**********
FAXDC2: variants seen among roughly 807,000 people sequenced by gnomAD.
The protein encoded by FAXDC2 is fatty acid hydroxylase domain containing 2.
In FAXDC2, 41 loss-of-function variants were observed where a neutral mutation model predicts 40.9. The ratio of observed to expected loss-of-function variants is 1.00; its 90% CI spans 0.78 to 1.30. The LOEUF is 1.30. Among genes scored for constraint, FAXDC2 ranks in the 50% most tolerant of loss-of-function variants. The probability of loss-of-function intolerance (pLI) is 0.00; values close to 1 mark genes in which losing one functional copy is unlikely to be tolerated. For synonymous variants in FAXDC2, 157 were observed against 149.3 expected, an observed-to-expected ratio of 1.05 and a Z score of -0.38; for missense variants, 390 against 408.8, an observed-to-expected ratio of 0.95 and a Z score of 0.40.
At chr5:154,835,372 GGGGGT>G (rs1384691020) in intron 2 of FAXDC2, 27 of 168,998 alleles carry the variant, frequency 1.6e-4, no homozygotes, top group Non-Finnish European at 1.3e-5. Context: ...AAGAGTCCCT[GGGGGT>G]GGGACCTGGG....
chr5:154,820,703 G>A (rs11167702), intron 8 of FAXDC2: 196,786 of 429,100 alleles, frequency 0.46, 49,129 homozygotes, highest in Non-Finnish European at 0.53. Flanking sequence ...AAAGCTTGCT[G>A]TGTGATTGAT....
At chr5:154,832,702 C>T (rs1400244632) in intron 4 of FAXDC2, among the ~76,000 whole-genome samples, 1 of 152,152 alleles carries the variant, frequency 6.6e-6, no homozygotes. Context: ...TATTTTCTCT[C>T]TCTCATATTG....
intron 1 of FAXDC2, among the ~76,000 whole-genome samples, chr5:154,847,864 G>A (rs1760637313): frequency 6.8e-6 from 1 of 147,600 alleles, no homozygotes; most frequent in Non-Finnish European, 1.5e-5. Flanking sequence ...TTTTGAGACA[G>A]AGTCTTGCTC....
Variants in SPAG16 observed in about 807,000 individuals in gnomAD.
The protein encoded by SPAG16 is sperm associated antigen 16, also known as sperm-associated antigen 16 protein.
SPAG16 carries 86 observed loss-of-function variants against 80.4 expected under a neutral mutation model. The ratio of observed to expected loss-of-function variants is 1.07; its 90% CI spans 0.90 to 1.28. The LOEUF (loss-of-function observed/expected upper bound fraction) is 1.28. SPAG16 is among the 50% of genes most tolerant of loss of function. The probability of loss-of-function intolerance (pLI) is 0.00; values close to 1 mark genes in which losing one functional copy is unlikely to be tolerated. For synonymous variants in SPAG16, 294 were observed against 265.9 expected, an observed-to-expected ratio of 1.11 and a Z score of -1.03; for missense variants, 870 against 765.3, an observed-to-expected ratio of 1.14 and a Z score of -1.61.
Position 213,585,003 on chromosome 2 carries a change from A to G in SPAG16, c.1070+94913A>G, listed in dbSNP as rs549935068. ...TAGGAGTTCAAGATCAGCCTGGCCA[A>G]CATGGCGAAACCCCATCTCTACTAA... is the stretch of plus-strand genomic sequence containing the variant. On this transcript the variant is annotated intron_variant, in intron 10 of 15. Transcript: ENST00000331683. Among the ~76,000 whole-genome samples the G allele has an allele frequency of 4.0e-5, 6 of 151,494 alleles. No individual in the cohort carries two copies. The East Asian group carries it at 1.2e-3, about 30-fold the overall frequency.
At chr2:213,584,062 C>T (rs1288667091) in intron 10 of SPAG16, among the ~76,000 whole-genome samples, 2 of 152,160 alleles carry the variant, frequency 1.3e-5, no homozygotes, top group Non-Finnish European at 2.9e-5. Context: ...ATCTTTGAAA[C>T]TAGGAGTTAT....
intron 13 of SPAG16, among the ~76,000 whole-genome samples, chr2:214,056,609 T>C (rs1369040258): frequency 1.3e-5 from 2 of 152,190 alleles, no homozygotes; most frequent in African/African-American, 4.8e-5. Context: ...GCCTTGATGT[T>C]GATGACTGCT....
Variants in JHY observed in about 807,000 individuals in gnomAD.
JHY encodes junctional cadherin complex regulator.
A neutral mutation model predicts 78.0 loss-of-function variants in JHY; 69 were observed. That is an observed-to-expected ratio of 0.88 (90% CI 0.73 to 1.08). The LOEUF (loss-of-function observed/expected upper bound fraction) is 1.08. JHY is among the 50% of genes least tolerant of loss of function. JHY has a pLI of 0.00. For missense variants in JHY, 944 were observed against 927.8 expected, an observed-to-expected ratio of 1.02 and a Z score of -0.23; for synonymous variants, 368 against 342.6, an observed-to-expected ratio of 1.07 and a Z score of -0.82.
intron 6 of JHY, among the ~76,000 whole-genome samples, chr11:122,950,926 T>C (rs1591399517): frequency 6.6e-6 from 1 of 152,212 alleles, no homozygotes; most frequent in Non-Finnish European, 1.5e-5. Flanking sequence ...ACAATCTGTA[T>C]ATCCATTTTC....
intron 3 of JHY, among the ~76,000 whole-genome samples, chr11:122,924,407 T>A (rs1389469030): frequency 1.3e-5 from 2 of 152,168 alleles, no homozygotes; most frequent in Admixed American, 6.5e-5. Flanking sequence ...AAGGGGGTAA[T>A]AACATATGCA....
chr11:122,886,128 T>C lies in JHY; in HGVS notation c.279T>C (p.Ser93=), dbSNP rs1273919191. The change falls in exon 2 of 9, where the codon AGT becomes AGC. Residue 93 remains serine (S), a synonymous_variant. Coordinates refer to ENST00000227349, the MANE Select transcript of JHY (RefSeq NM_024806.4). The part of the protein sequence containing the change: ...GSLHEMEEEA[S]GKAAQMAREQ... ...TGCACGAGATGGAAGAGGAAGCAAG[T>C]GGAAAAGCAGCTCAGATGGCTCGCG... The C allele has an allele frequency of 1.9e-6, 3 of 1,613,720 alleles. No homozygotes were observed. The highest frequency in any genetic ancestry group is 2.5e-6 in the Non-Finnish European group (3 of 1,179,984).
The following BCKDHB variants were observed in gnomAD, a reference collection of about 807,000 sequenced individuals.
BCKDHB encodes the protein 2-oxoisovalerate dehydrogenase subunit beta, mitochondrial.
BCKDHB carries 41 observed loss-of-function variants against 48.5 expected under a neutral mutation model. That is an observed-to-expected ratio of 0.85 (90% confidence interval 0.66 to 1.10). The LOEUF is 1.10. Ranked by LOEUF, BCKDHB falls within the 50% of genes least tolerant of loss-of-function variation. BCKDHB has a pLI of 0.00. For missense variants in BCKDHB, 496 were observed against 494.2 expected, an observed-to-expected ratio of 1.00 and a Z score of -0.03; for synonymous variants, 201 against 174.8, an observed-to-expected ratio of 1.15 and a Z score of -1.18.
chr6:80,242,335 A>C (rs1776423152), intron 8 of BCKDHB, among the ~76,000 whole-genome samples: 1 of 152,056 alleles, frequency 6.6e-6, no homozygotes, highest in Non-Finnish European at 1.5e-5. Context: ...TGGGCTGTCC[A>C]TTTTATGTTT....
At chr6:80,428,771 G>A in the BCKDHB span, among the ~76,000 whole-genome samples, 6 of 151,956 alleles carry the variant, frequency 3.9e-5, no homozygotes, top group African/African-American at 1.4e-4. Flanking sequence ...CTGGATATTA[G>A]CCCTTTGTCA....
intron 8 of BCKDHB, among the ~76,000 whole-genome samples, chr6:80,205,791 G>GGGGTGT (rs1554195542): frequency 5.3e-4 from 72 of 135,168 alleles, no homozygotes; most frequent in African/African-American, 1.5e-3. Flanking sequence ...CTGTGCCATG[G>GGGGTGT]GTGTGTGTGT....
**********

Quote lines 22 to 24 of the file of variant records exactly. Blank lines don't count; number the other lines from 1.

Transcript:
BCKDHB carries 41 observed loss-of-function variants against 48.5 expected under a neutral mutation model. That is an observed-to-expected ratio of 0.85 (90% confidence interval 0.66 to 1.10). The LOEUF is 1.10. Ranked by LOEUF, BCKDHB falls within the 50% of genes least tolerant of loss-of-function variation. BCKDHB has a pLI of 0.00. For missense variants in BCKDHB, 496 were observed against 494.2 expected, an observed-to-expected ratio of 1.00 and a Z score of -0.03; for synonymous variants, 201 against 174.8, an observed-to-expected ratio of 1.15 and a Z score of -1.18.
chr6:80,242,335 A>C (rs1776423152), intron 8 of BCKDHB, among the ~76,000 whole-genome samples: 1 of 152,056 alleles, frequency 6.6e-6, no homozygotes, highest in Non-Finnish European at 1.5e-5. Context: ...TGGGCTGTCC[A>C]TTTTATGTTT....
At chr6:80,428,771 G>A in the BCKDHB span, among the ~76,000 whole-genome samples, 6 of 151,956 alleles carry the variant, frequency 3.9e-5, no homozygotes, top group African/African-American at 1.4e-4. Flanking sequence ...CTGGATATTA[G>A]CCCTTTGTCA....